A third hypothesis is that a migraine arises as a result of a disorder of your nervous system, most likely in your brain stem.8 Although most regions of your brain do not register or transmit pain signals, a network of nerves called the trigeminal nerve system does. Pain is relayed through the trigeminal network to an area in your brain stem called the trigeminal nucleus. If this hypothesis is correct, it also is a likely explanation for why migraine sufferers respond well to both neural input from a chiropractic manipulation and the overall energy balancing achieved through acupuncture.
From there, it is conveyed to the sensory cortex in your brain, which is involved in your awareness of pain and other senses. What first activates your trigeminal nerves, setting off your migraine, however, is still under debate, but some researchers believe that a wave release of neurotransmitters across your cortex can directly stimulate your trigeminal nerves, setting off the chain reaction that ends in the transmitting of pain signals. No singular hypothesis has emerged to explain the occurrence of migraine in ALL sufferers. Besides those already mentioned, other theories include:
- Changes in the brain chemical serotonin. When levels drop, blood vessels including those in your brain become swollen and inflamed, which can lead to migraine pain.
- A disruption of the subtle energies circulating throughout your body, along with unresolved emotional issues that manifest in your body as headaches.
- Vitamin B deficiency. In one study, vitamin B6, B12, and folic acid supplements were found to produce a two-fold reduction in migraines over a six-month period.9 Previous studies, such as a 2004 study in the European Journal of Neurology , have also reported that high doses of B2 (riboflavin) can help prevent migraine attacks10
Are Food Allergies Causing Your Migraines?
Searching the medical literature in PubMed.gov using the search terms “migraine” and “food allergies” will provide you with nearly 160 different studies of this kind, so do yourself a favor and don’t dismiss this potential connection.11 I have encountered several dozen patients over the years who relay to me that their neurologist doesn’t see this as a valid connection. This should give us all reason to pause with concern…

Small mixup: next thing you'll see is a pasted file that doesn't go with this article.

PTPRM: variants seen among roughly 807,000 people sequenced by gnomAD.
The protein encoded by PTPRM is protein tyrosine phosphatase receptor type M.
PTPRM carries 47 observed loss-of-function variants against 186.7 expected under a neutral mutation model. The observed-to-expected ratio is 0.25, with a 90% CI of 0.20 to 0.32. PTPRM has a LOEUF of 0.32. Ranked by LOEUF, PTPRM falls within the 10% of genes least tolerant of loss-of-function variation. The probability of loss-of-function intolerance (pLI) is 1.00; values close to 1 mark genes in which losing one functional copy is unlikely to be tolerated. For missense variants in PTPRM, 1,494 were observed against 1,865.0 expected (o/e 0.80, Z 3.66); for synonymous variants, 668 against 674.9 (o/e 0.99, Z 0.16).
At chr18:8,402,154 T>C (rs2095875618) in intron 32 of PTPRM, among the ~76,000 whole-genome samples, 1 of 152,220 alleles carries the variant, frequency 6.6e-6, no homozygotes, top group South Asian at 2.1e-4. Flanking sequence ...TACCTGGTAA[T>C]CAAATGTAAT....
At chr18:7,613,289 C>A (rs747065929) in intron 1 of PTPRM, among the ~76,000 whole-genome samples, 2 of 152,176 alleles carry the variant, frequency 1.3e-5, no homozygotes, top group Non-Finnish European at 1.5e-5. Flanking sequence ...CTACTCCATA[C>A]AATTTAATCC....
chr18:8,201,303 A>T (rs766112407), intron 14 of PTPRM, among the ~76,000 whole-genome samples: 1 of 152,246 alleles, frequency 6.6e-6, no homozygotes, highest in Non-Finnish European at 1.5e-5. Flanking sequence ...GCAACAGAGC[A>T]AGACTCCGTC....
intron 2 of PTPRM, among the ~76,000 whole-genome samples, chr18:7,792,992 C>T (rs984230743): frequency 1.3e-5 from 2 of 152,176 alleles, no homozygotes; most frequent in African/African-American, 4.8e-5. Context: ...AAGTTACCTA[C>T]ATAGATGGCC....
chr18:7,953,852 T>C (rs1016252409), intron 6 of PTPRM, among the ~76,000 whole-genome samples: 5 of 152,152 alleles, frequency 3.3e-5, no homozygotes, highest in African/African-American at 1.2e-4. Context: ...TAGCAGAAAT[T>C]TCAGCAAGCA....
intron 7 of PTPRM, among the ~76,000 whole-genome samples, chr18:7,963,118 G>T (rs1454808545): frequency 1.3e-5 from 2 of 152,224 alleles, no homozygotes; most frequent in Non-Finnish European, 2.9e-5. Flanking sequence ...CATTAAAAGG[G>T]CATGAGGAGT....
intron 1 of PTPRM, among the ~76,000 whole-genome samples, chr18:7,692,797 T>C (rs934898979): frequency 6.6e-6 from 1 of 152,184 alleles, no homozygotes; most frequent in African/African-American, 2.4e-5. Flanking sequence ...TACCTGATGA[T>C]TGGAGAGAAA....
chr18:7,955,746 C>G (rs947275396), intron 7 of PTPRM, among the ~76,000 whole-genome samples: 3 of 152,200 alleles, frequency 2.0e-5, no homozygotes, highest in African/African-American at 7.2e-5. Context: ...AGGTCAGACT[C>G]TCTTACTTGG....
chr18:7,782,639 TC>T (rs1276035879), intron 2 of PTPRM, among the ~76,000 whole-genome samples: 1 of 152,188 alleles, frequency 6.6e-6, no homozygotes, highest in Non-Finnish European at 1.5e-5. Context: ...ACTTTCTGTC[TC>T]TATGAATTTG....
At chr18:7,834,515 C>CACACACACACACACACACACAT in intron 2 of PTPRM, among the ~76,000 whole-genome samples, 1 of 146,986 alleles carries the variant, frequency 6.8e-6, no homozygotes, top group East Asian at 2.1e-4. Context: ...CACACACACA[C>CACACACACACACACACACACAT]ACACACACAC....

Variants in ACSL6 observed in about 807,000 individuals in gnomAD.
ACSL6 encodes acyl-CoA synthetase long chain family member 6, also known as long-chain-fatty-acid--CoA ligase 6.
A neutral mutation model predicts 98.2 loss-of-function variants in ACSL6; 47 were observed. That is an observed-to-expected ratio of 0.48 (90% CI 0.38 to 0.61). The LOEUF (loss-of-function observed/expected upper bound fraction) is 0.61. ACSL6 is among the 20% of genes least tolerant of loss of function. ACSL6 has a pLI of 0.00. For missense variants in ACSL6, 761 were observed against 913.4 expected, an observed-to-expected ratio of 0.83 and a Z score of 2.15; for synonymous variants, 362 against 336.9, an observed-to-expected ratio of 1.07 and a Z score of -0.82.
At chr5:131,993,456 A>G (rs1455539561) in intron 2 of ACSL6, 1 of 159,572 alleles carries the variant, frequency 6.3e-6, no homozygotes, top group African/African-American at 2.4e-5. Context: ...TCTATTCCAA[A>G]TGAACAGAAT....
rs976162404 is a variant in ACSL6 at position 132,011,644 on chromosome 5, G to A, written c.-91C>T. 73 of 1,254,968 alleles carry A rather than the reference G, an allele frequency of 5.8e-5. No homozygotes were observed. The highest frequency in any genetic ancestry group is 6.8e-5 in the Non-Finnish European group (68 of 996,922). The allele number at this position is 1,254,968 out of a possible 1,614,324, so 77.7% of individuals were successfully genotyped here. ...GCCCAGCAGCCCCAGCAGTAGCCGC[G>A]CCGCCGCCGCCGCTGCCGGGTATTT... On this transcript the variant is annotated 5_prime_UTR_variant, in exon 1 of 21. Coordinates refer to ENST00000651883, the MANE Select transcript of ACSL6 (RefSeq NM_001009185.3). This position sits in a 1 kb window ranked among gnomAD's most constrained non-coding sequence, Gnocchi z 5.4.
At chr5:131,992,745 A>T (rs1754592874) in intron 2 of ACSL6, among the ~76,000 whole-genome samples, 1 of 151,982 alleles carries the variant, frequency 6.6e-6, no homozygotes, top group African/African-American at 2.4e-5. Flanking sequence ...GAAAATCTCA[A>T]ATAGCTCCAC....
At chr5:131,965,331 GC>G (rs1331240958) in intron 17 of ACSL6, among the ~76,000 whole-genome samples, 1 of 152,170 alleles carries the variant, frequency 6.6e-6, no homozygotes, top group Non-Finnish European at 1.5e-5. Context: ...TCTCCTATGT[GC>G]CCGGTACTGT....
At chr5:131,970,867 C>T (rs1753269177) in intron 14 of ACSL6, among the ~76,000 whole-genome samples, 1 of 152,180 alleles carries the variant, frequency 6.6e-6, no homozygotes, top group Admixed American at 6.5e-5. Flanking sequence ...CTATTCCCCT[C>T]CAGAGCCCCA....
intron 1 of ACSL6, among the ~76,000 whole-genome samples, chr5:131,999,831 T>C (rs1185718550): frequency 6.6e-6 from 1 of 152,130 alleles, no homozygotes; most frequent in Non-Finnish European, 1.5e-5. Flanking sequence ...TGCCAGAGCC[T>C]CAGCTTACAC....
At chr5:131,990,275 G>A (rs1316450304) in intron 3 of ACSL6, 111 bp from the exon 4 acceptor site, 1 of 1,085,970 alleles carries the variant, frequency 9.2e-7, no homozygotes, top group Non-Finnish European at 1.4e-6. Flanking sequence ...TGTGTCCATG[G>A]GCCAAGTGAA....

One randomized, double blind, cross-over study published in 2010 found that a six-week long diet restriction produced a statistically significant reduction in migraines in those diagnosed with migraine without aura.12 Some of the top migraine-inducing foods identified include: wheat and gluten, cow’s milk (yogurt and ice cream), sugar, yeast, corn, citrus fruits, eggs, aspartame, MSG and even grain based cereals.
How Can Diet Benefit Migraine Patients?
Quite a few people have reportedly rid themselves of migraines on the Paleo Diet (see Newsletter from March 2017), which can be summarized as “any food that can be eaten without being processed.” That eliminates the following: grains, bread or pasta, and no pasteurized dairy. Fresh fruits and vegetables, some nuts and oils along with wild caught fish, organic poultry and grass-fed lean meats are all allowed on a Paleo plan.
As always before setting out to correct an established medical issue it would be advised to seek out a qualified physician who utilizes third-party laboratory testing to identify the root cause(s) of any disease state. Our office is looking forward with helping you get back on track as soon as possible.
- The Migraine Trust
- PLOS One 8(7): e71007
- Huffington Post July 26, 2013
- Nature Genetics 45, 912–917
- Huffington Post June 24, 2013
- Huffington Post April 22, 2013
- Scientific American July 21, 2013
- com April 2, 2009
- European Journal of Neurology 2004 Jul;11(7):475-7
- Cephalalgia 2010 Jul;30(7):829-37